March 25, 2008
Hon. Premier Joseph Parry and Minister of Education in the Nevis Island Administration (NIA) demonstrated confidence in the Department of Education’s (ED) new initiative to train students to assume leadership rolls and to cultivate more ethically abled teens attending schools on Nevis. He assured the Principal Education Officer Mrs. Jennifer Hodge that he would play a pivotal role during an upcoming training workshop slated for April.
Mrs. Hodge made the announcement in an exclusive interview with the Department of Information where she gave a recent interview to keep the public abreast of important matters taking place in the Primary and Secondary schools on Nevis.
“There’s another initiative that we’re going to implement. And in all this the Minister for Education, the Hon. Parry has been extremely supportive in as much that he said he wanted to be a part of it. So he will be giving a one hour presentation to interact with our young people and further more, to top it off, he will be hosting a cocktail for them on the 14, of April,” she said.
She further added, “We all have a concern about our young people in assuming leadership rolls. We have school councils in all of our schools. Dr. Bronte Gonsalves has been the success story of school counselors here on Nevis but we’ve taken it a bit further. We have a number of young people who are members of the executive in their respective schools so that’s one good way of building a cadre of young people.
We would set up a training workshop to expose them to some of the things, which I really believe that they don’t know. We would have topics like ethical behaviour and we would focus on informal and formal associations. We will be looking at protocol, as it is observed that some of our young people certainly do not know how to address people and how to wear appropriate dress attire for social occasions.”
Mrs. Hodge also spoke about another workshop to be conducted next term for Primary school teachers. She said there would be Professional Development training for all of the Primary Schools teachers, which would be organised into two zones, in order to achieve maximum input from teachers on the topics that would be discussed.
According to Mrs. Hodge, the Professional Development activities for the Primary school teachers involved a Generate Code of Ethics that was done by the Organization of Eastern Caribbean States (OECS) Educational Reform Unit (ERU) based in St Lucia.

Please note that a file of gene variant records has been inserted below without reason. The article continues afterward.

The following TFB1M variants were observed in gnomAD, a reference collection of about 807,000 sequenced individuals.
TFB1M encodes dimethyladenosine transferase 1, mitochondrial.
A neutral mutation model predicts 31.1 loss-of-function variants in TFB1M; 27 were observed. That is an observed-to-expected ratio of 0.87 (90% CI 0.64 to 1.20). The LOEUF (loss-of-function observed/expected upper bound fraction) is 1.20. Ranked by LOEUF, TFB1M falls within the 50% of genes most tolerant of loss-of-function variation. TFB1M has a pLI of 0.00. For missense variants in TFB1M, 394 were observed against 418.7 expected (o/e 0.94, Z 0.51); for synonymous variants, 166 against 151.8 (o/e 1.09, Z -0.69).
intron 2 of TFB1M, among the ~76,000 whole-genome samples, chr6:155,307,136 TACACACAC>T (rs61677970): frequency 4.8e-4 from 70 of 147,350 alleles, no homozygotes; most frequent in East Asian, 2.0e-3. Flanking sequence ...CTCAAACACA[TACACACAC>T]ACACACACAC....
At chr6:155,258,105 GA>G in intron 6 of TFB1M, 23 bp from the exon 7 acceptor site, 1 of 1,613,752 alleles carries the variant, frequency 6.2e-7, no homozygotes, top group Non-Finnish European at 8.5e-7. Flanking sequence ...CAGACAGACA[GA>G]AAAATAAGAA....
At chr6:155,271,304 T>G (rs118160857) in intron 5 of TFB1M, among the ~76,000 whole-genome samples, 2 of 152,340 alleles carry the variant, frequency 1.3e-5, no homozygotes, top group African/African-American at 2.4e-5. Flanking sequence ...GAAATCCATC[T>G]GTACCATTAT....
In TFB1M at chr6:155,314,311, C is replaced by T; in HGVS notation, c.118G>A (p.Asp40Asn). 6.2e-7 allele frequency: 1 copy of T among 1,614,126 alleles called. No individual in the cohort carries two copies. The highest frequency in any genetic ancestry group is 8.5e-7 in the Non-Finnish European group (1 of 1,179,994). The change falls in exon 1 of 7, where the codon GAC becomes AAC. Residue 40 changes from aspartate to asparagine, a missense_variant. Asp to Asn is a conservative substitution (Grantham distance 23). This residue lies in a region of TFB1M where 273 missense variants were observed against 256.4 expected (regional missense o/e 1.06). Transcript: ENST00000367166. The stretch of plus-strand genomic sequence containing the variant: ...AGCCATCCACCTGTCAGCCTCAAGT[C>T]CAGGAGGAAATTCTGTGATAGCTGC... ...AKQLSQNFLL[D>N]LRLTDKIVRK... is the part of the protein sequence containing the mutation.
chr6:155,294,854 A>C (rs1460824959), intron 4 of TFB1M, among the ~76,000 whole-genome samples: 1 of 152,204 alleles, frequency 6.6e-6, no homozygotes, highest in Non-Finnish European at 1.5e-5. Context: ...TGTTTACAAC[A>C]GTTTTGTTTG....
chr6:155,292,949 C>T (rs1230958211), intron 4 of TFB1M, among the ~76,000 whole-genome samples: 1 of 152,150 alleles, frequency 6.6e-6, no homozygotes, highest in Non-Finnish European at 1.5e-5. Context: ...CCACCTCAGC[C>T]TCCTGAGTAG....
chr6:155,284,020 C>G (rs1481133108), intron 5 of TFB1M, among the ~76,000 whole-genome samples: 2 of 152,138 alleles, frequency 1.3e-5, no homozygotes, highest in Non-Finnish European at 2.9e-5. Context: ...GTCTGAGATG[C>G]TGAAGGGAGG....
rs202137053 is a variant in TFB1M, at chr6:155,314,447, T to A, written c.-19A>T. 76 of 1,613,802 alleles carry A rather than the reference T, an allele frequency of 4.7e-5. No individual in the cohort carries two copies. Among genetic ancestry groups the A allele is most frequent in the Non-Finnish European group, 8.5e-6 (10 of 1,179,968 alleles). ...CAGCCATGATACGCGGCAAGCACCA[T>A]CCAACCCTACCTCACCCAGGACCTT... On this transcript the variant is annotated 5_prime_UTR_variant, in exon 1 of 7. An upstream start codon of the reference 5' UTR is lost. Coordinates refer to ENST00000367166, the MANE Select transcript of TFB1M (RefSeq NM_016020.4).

She also said there were some adjustments made to the ERU Generate Code of Ethics that would best guide teachers on Nevis, and “Raising the Standard” would be the theme for the upcoming workshop. It was further revealed that student’s assessment would be looked at, to raise the standard of Primary School students.
To dismiss any public concerns about workshops organised for Principals and Senior Management at the Department of Education, it was revealed they had their training done in January which lasted for two days. Topics like Curriculum and School Finance were dealt with and the evaluation for that workshop was said to be “very good”.
Meanwhile, Mrs. Hodge also informed the public about other remarkable activities that she felt were worth mentioning. Of major significance were the St. James Primary School’s successful Literary Day, the Violet Nicholls Social Studies and Science quiz and the recently held St John’s Primary School’s first ever Elocution Contest. She commended the HOPE Nevis organization of young people, who were instrumental in organising the contest which had encouraged students in many positive ways.
She further mentioned that another of the Department of Education’s thrust for the school year was to plan two major activities that would involve parents. The activities are an Easter Concert and a Musical Expo schedule for May 29. They would provide an avenue for parents to have a visible presence at the schools, whereby they would show a vested interest in their children.
Mrs. Hodge however advised parents to put ethical behaviour into perspective and to pursue after more amicable ways to resolve issues they may have with school officials. Evidently, she made the remark due to reports made about certain parents who were abusive to school officials on school premises.
The Education Officer closed the final chapter of the interview after she discussed the Green Paper issue, which she explained was a compilation of polices that would drive St Kitts and Nevis Education development over the next decade.
“The Green Paper has not been turned into a White Paper yet, it is in the discussion phase but what is happening right now, the various staff in each school will be discussing the issues in the paper. After which, we will have some open consultations where the public will be able to give their input and finally, it would go back to the House of Assembly and it will become a white paper. After it’s turned into a white paper, persons in the public would not say they didn’t have an opportunity to make an input,” she said.
Mrs. Hodge explained that Department of Education did not have a monopoly on ideas. She appealed to parents and persons interested in Education to attend the Public Consultations and thereby make a solid input to the Green Paper, which would later become policy.
Notwithstanding, Mrs. Hodge revealed that the Green Paper did not address disciplinary problems and the matter of discipline must become policy for the next decade.
Meanwhile, she reminded students that the following term would be mainly academics. She encouraged them to set goals and study for the upcoming examinations. She also reminded parents of their critical role concerning their children’s academic performance.